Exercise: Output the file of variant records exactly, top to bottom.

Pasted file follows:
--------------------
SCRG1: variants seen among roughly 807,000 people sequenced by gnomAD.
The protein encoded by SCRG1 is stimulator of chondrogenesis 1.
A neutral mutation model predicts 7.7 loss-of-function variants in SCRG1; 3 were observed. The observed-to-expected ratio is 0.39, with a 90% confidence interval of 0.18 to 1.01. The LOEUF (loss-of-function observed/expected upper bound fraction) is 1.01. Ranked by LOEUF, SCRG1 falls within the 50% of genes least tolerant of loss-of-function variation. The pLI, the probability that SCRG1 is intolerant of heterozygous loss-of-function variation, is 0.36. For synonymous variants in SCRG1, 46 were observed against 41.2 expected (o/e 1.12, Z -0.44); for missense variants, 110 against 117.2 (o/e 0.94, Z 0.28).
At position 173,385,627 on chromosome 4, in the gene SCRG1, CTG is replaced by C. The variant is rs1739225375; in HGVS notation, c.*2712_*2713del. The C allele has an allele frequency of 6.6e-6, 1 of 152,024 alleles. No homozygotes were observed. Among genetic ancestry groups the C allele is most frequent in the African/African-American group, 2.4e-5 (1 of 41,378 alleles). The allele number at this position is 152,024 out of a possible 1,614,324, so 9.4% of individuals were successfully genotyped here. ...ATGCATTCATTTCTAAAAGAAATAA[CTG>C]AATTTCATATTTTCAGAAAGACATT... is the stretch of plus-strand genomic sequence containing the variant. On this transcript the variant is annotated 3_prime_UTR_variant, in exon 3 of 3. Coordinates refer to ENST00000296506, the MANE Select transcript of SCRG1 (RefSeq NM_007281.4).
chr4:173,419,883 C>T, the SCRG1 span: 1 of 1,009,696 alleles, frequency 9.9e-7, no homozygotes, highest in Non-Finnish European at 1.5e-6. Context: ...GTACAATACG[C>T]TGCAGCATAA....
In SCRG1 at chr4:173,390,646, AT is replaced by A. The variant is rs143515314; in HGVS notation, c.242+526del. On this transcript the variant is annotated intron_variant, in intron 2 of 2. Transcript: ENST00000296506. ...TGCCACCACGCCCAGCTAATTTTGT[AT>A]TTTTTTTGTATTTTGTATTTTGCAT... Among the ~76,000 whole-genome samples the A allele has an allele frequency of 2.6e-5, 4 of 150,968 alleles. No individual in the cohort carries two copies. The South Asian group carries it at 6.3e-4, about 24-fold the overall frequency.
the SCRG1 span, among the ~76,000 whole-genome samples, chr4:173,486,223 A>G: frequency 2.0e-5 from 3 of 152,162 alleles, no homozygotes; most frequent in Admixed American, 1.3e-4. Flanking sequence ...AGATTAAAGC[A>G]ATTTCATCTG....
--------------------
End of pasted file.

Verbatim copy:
SCRG1: variants seen among roughly 807,000 people sequenced by gnomAD.
The protein encoded by SCRG1 is stimulator of chondrogenesis 1.
A neutral mutation model predicts 7.7 loss-of-function variants in SCRG1; 3 were observed. The observed-to-expected ratio is 0.39, with a 90% confidence interval of 0.18 to 1.01. The LOEUF (loss-of-function observed/expected upper bound fraction) is 1.01. Ranked by LOEUF, SCRG1 falls within the 50% of genes least tolerant of loss-of-function variation. The pLI, the probability that SCRG1 is intolerant of heterozygous loss-of-function variation, is 0.36. For synonymous variants in SCRG1, 46 were observed against 41.2 expected (o/e 1.12, Z -0.44); for missense variants, 110 against 117.2 (o/e 0.94, Z 0.28).
At position 173,385,627 on chromosome 4, in the gene SCRG1, CTG is replaced by C. The variant is rs1739225375; in HGVS notation, c.*2712_*2713del. The C allele has an allele frequency of 6.6e-6, 1 of 152,024 alleles. No homozygotes were observed. Among genetic ancestry groups the C allele is most frequent in the African/African-American group, 2.4e-5 (1 of 41,378 alleles). The allele number at this position is 152,024 out of a possible 1,614,324, so 9.4% of individuals were successfully genotyped here. ...ATGCATTCATTTCTAAAAGAAATAA[CTG>C]AATTTCATATTTTCAGAAAGACATT... is the stretch of plus-strand genomic sequence containing the variant. On this transcript the variant is annotated 3_prime_UTR_variant, in exon 3 of 3. Coordinates refer to ENST00000296506, the MANE Select transcript of SCRG1 (RefSeq NM_007281.4).
chr4:173,419,883 C>T, the SCRG1 span: 1 of 1,009,696 alleles, frequency 9.9e-7, no homozygotes, highest in Non-Finnish European at 1.5e-6. Context: ...GTACAATACG[C>T]TGCAGCATAA....
In SCRG1 at chr4:173,390,646, AT is replaced by A. The variant is rs143515314; in HGVS notation, c.242+526del. On this transcript the variant is annotated intron_variant, in intron 2 of 2. Transcript: ENST00000296506. ...TGCCACCACGCCCAGCTAATTTTGT[AT>A]TTTTTTTGTATTTTGTATTTTGCAT... Among the ~76,000 whole-genome samples the A allele has an allele frequency of 2.6e-5, 4 of 150,968 alleles. No individual in the cohort carries two copies. The South Asian group carries it at 6.3e-4, about 24-fold the overall frequency.
the SCRG1 span, among the ~76,000 whole-genome samples, chr4:173,486,223 A>G: frequency 2.0e-5 from 3 of 152,162 alleles, no homozygotes; most frequent in Admixed American, 1.3e-4. Flanking sequence ...AGATTAAAGC[A>G]ATTTCATCTG....